Part bike race, part rolling adventure, Gran Fondos offer something for every cyclist. Since their origins in Italy in the 1970s, these rides have spread around the world, and are now among the most welcoming and accessible road cycling events. Learn everything you need to know in this Gran Fondo Training Guide.
What is a Gran Fondo?
A Gran Fondo is a semi competitive mass-start cycling event, with a name that translates from Italian to mean “Big Ride.” They can take many forms, but most are long, scenic events and include food stations, mechanical support, and a post-ride party. Gran Fondos are timed or include timed segments, but not everyone who rides is there to race. Many cyclists ride these events just for fun and for the challenge of finishing. In this regard, Gran Fondos are among the most inclusive cycling events, with world-class racers and recreational riders lining up together and sharing the same course.
As these events have grown in popularity over the last few years, so has the definition of what they can be. Gravel or mixed-terrain fondos are now almost as common as the traditional road events, and there’s even a UCI Gran Fondo world championship. From local century rides to major destination events, Gran Fondos take many forms, but these events are united by their welcoming sense of competition and community. If you’re at the front competing to win, they can be as fast and difficult as any other race. But if you’re just out for a fun ride, Gran Fondos are a great way to challenge yourself alongside hundreds of other like-minded cyclists, at whatever pace you like.
Typical Gran Fondo Distances
How many miles is a Gran Fondo? Typically, they are between 75 miles to 150 miles long but can vary depending on the event. Many longer ones exist that range up to 150 miles or more, but the majority of Gran Fondos cover about 100 miles (160 km) and most include some significant climbing along the way. However, most events also offer shorter versions for riders who desire a more manageable challenge. This is usually an approximately half-length event that occurs concurrently with the full-length ride. Additionally, some offer an even shorter version for beginner cyclists. Whatever your ability level, there’s a Gran Fondo for you.
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Timing and Scoring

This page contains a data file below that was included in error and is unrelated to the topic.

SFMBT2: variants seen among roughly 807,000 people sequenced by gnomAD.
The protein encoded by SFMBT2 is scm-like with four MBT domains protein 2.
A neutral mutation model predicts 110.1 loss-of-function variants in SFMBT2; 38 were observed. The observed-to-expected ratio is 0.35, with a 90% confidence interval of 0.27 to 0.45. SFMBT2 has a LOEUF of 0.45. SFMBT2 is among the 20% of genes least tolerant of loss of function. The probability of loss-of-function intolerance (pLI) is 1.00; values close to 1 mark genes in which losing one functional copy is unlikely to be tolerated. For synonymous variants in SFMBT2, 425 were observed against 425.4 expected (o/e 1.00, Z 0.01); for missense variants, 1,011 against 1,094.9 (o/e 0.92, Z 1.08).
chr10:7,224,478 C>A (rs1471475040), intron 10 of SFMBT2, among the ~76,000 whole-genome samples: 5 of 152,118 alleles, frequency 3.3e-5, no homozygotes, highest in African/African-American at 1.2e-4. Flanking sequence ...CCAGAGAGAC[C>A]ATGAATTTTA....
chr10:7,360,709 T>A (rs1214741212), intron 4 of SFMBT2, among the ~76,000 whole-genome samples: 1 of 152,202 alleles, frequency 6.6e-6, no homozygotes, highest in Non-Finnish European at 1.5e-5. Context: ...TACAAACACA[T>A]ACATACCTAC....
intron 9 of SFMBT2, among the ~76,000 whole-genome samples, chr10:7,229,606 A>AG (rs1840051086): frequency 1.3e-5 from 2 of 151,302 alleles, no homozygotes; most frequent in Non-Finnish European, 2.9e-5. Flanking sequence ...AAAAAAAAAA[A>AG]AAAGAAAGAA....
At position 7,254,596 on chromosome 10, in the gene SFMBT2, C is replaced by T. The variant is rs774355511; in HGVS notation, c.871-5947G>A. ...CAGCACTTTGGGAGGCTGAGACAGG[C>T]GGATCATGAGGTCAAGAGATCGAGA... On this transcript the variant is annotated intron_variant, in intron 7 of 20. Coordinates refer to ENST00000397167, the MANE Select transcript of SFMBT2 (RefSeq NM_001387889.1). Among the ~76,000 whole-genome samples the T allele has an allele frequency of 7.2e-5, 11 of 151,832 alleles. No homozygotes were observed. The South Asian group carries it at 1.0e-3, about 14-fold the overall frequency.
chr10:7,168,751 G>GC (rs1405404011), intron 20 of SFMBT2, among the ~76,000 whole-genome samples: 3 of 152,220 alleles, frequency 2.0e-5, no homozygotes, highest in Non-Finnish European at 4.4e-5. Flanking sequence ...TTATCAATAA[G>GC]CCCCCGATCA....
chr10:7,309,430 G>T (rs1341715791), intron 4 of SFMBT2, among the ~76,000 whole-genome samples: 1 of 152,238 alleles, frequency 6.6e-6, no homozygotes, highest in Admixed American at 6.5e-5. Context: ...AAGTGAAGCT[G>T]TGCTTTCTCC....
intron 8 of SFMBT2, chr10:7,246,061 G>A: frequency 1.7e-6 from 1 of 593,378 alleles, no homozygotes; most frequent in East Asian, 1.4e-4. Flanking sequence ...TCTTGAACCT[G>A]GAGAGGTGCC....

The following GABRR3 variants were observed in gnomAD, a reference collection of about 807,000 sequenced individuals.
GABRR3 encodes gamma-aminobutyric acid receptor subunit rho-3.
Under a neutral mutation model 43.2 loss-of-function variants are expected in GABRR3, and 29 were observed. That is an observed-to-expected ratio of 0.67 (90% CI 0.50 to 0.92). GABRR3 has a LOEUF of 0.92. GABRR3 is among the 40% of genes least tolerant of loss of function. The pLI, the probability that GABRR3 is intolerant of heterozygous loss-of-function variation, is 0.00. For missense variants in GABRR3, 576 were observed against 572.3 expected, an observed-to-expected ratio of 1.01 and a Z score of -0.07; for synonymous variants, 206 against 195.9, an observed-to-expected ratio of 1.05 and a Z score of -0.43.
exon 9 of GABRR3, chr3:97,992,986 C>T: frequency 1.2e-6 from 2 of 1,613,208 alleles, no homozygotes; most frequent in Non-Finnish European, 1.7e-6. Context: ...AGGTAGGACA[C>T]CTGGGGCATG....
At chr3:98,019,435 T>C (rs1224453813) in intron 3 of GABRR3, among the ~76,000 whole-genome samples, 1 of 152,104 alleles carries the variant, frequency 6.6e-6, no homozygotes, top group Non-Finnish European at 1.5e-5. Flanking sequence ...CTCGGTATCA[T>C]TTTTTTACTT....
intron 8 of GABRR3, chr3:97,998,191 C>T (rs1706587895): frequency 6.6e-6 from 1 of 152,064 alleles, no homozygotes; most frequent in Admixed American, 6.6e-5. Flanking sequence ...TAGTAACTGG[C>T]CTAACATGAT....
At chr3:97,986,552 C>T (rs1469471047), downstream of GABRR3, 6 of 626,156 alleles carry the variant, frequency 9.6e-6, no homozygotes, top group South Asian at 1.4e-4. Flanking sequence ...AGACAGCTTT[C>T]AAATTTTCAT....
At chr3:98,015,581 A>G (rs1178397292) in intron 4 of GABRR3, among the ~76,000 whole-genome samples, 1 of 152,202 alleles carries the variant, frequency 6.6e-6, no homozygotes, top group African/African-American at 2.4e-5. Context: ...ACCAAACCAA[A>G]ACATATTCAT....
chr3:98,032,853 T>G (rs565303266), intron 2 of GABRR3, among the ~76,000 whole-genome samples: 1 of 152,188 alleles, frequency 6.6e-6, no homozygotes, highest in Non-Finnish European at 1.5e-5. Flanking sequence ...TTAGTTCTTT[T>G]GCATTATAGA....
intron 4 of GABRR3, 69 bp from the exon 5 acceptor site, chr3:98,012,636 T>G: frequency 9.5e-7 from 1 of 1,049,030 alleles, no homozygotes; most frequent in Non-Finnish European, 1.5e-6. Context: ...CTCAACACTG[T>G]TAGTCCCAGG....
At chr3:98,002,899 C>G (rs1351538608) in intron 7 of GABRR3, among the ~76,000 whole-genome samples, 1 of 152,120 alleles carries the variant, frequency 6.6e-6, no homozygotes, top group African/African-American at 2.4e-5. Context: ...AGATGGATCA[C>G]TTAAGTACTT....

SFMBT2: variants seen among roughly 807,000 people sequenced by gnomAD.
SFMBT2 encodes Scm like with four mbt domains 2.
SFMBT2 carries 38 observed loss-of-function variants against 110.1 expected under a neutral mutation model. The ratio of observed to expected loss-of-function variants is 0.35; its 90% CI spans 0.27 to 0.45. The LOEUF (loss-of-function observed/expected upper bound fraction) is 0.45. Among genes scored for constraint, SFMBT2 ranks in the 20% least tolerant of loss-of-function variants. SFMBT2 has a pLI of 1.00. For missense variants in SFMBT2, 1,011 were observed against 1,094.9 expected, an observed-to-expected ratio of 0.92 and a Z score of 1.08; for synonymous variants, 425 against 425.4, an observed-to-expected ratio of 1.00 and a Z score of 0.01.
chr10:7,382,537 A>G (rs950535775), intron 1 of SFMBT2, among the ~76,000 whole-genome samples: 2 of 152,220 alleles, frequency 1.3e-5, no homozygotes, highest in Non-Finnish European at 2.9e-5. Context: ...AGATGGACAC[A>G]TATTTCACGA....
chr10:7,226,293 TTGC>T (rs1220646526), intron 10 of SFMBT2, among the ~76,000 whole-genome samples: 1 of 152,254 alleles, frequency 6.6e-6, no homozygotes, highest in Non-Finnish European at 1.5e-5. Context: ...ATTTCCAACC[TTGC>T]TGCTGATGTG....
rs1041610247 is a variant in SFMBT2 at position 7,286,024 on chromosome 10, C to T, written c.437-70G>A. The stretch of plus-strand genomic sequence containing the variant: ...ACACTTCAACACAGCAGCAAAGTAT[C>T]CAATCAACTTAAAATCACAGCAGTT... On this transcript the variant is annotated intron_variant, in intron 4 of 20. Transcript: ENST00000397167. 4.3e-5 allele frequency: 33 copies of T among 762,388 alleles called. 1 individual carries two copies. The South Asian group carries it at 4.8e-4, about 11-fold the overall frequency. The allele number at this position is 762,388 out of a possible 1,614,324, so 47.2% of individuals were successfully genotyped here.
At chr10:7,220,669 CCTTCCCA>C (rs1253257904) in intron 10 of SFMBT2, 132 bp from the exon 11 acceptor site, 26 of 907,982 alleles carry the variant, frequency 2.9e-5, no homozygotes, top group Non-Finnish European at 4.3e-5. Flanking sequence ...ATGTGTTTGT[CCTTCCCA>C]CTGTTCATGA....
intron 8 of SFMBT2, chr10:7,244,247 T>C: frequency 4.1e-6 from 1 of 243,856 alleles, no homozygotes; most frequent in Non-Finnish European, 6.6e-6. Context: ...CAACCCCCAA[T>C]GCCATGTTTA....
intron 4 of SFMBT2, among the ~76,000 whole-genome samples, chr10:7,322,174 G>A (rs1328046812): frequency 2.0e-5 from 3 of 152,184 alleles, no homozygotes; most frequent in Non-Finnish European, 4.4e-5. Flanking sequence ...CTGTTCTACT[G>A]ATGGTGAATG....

Most Gran Fondos are timed for the duration of the course, but many events include timed segments instead of (or in addition to) timing the entire event. Unlike traditional road races, riders are ranked and scored by age group rather than racing category, but many participants aren’t there to race, anyway. There’s no shame in simply riding for fun, which is one reason these events are so highly regarded.
Training for a Gran Fondo
- Periodized training that develops your aerobic base and sharpens your event-specific fitness is the key to Gran Fondo success.
- It’s easy to get the right training for your event by creating a custom plan with Plan Builder.
Gran Fondo Training Plan
TrainerRoad’s Gran Fondo Training Plan is designed to address the muscular endurance and versatile fitness demands of these events. These events reward riders who can maintain steady power for hours at a time, as well as occasionally drive above threshold at a higher pace. The 8-week Gran Fondo Training Plan achieves this through a mix of Endurance, Sweet Spot, and Threshold workouts, with some VO2 max workouts during the second half of the plan. The plan is divided into two 3-week build blocks, with a rest week and fitness assessment in between. It concludes with a recovery week, so you arrive at your event in peak form. Best of all, the Gran Fondo plan can effectively build your fitness for long events even if you only have enough time for low-volume training.
What Type of Fitness Do You Need For a Gran Fondo?
Gran Fondos are extremely variable, but the common unifying theme of these events is their length, and the muscular endurance they require to successfully complete. Additionally, cyclists wishing to set PRs or land on the podium will need to respond to surges in pace, and be able to power over climbs at high intensity. These abilities begin with a strong aerobic engine developed during Base Training, and are further cultivated through Build and Specialty Phase training.
How Long Does It Take to Train for a Gran Fondo
If you want to maximize your fitness, we recommend completing an entire 28-week plan. That said, depending on your experience, you can do it in less time. TrainerRoad’s Gran Fondo plan includes everything you need to crush your next long-distance event. Whether you’re out to win or just riding for fun, start by building a custom road training plan with Plan Builder. Plan Builder will consider your experience, available training time, and goal event to create the perfect Gran Fondo training plan for you.
Every TrainerRoad training plan includes three distinct training phases that progressively develop your fitness. First, you’ll start with Sweet Spot Base to build your aerobic capacity. Then, you’ll work on improving your power with Sustained Power Build. Finally, you’ll sharpen your event-specific fitness with our Gran Fondo Specialty Plan. With workouts that sharpen your power and endurance as well as the ability to handle hard surges, you’ll be ready to impress at your next Gran Fondo.
Example Gran Fondo Workouts
Mount Hayes -2 targets sustained power. Endurance intervals in between offer limited rest, and are a good approximation of the type of micro-recoveries experienced during long periods of pack riding.
McAdie +1 nurtures your capability to handle changes in pace without reducing intensity. The “over” intervals flood your muscles with metabolic byproducts, while the “under” sections aren’t easy enough to allow full recovery. This trains your muscles to process lactate buildup so you can ride harder, for longer.
Monadnock +2 uses repeated VO2 max efforts to develop both aerobic and anaerobic capacity. It replicates the surges in pace that often occur on rolling roads or in a fast-moving pack during a long event like a Gran Fondo.